Advertisement

Effect of Hsp70-peptide complexes generated in vivo on modulation EAE

  • Grazyna Galazka
  • Agata Walczak
  • Tomasz Berkowicz
  • Krzysztof Selmaj
Chapter
Part of the Advances in Experimental Medicine and Biology book series (AEMB, volume 495)

Abstract

Heat shock proteins (Hs;ps) are a family of proteins that are constitutively expressed by eukaryotic cells. They act as molecular chaperones, participating in intracellular translocation of proteins and enabling proper folding of polypeptide chains. It is postulated that unique chaperoning properties of Hsps might contribute to generating specific immune responses against peptides bound to theme2. Many studies have demonstrated that Hsps isolated from cancer or viral infected cells elicit antitumor or antiviral immune response. However, Hsps derived from normal cells did not shown such effect3’4.It has been suggested that peptides associated with Hsps are responsible for this specific immunogenecity5.

Keywords

Heat Shock Protein Experimental Autoimmune Encephalomyelitis Healthy Mouse Experimental Autoimmune Encephalomyelitis Mouse Nonobese Diabetic Mouse 
These keywords were added by machine and not by the authors. This process is experimental and the keywords may be updated as the learning algorithm improves.

Preview

Unable to display preview. Download preview PDF.

Unable to display preview. Download preview PDF.

References

  1. 1.
    Srivastava, P.K., 1993, Peptide-biding heat shock proteins in the endoplasmic reticulum: role in immune response to cancer and in antigen presentation. Adv. Cancer Res. 62: 153–177.PubMedCrossRefGoogle Scholar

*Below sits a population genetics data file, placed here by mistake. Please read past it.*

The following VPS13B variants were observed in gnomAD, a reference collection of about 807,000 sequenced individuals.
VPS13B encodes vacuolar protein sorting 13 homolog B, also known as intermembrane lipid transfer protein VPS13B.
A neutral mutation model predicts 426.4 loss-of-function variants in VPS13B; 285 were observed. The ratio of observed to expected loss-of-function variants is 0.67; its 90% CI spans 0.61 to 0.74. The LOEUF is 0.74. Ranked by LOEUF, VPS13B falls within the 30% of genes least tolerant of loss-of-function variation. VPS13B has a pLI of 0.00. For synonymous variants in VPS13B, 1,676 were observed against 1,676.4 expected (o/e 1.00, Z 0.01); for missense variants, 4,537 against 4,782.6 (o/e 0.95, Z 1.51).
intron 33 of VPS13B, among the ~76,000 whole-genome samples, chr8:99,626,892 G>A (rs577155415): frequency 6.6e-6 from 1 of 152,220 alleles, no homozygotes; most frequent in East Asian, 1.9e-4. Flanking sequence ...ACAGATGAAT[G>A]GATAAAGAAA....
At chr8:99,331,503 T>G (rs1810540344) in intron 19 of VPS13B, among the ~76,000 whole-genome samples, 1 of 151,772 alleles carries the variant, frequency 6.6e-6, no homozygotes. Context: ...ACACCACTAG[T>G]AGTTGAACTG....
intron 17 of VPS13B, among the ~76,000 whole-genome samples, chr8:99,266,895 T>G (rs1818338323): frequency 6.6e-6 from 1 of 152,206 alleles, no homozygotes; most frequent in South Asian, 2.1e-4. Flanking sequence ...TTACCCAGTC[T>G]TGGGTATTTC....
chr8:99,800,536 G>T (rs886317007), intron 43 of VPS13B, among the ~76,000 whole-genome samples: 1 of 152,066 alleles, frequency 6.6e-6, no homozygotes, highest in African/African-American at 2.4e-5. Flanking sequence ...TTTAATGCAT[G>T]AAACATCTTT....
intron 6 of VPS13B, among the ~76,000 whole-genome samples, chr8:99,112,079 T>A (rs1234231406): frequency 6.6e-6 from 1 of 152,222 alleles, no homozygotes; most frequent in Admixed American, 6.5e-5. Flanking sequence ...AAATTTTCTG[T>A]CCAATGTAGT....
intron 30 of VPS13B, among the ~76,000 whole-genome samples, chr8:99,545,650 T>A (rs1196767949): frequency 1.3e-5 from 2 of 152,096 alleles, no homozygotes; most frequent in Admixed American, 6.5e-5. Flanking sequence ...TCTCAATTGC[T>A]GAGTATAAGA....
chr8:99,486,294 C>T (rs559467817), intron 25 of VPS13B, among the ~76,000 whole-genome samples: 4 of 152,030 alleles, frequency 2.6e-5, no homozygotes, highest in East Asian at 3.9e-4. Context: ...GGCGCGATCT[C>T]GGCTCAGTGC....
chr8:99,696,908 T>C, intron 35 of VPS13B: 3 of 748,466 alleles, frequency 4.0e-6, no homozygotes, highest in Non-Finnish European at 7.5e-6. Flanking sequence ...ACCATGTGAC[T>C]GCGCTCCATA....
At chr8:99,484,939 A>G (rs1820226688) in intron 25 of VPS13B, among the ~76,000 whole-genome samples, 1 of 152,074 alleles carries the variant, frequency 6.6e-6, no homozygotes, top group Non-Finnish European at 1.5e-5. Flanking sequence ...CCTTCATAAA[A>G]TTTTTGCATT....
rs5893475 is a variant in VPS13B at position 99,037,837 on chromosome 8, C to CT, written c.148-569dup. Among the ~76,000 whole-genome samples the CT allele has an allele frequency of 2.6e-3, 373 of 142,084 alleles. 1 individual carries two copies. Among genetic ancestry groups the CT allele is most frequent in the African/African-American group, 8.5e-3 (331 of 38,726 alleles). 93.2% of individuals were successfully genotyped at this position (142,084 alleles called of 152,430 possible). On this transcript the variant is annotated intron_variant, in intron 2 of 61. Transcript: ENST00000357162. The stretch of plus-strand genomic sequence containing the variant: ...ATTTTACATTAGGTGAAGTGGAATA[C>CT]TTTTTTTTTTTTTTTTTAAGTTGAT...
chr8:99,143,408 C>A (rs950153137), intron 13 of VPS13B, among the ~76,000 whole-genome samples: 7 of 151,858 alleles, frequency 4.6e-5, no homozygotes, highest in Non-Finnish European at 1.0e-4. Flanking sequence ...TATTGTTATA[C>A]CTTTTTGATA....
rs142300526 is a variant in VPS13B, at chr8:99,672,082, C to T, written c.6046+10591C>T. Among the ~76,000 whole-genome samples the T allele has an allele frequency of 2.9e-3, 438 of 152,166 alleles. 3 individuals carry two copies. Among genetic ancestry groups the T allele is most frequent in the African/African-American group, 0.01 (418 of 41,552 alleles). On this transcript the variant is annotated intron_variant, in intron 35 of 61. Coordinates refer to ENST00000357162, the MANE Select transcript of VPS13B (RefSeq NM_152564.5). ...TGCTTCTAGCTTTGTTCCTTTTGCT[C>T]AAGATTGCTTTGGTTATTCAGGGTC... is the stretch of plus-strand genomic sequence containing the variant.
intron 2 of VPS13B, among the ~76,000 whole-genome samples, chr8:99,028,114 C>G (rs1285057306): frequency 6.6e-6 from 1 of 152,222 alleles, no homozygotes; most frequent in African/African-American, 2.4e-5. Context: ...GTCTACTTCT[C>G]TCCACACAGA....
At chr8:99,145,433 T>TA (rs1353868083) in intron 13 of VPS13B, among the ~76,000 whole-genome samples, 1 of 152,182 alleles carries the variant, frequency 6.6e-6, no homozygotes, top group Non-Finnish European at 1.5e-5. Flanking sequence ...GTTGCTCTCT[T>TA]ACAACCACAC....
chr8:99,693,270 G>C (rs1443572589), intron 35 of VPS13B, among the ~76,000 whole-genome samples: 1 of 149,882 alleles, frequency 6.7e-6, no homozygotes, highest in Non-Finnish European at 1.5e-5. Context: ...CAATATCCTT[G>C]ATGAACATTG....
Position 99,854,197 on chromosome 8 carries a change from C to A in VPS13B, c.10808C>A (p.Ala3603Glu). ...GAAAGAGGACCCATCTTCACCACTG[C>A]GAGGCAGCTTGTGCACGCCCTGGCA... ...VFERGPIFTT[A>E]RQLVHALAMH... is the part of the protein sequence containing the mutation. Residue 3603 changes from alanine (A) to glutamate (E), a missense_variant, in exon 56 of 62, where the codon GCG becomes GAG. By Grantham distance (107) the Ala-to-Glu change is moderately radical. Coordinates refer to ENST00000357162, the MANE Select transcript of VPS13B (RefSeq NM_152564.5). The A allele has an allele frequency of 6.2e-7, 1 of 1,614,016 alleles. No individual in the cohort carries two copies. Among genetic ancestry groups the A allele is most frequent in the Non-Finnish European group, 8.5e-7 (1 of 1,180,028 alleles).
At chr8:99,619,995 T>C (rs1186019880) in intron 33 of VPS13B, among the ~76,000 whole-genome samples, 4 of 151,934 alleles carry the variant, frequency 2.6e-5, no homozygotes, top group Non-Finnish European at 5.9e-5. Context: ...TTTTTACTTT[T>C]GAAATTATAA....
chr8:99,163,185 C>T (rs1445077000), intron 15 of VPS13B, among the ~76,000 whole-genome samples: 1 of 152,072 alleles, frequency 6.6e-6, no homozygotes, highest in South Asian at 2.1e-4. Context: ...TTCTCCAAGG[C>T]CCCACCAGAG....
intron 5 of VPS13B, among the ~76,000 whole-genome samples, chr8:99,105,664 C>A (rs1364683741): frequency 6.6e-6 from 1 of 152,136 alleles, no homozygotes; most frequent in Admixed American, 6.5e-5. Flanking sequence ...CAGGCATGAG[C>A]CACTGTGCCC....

2. 2.
    Srivastava, P.K., Meoret, A., Basu, S., Binder, R.J., McQuade, K.L., 1998, Heat shock proteins come of age: primitive function acquire new roles in an adaptive world. Immunity. 8: 657–665.PubMedCrossRefGoogle Scholar
  3. 3.
    Udono, H., and Srivastava, P.K., 1994, Comparison of tumor-specific immunogenicities of stress-induced proteins gp96, Hsp90, and Hsp70, J. Immunol. 152: 5398–5403.PubMedGoogle Scholar
  4. 4.
    Suto, R., and Srivastava, P.K., 1995, A mechanism for the specific immunogenicity of heat shock protein-chaperoned peptides. Science. 269: 1585–1588.PubMedCrossRefGoogle Scholar
  5. 5.
    Li, Z., and Srivastava, P.K., 1993, Tumor rejection antigen gp96/grp94 is an ATPase: implications for protein folding and antigen presentation. EMBO J. 12: 3143–3151.PubMedGoogle Scholar
  6. 6.
    Peng, P., Menoret, A., Srivastava, P.K., 1997, Purification of immunogenic heat shock protein 70-peptide complexes by ADP-affinity chromatography. J. Immunolgical Methods. 204: 13–21.CrossRefGoogle Scholar
  7. 7.
    van Eden, W., van der Zee, R., Paul, A.G.J., Prakken, B.J., Wendling, U., Anderton, S.M., and Wauben, M.H.M., 1998, Do heat shock proteins control the balance of T-cell regulation in inflammatory diseases?. Immunol. Today. 19: 303–307.Google Scholar
  8. 8.
    Udono, H., and Srivastava P.K., 1993, Heat shock protein 70 — associated peptides elicit specific cancer immunity. J. Exp. Med. 178: 1391–1396. Methods. 204: 13–21.Google Scholar

Copyright information

© Springer Science+Business Media New York 2001

Authors and Affiliations

  • Grazyna Galazka
    • 1
  • Agata Walczak
    • 1
  • Tomasz Berkowicz
    • 1
  • Krzysztof Selmaj
    • 1
  1. 1.Department of Neurology, Laboratory of NeuroimmunologyMedical Academy of LodzPoland

Personalised recommendations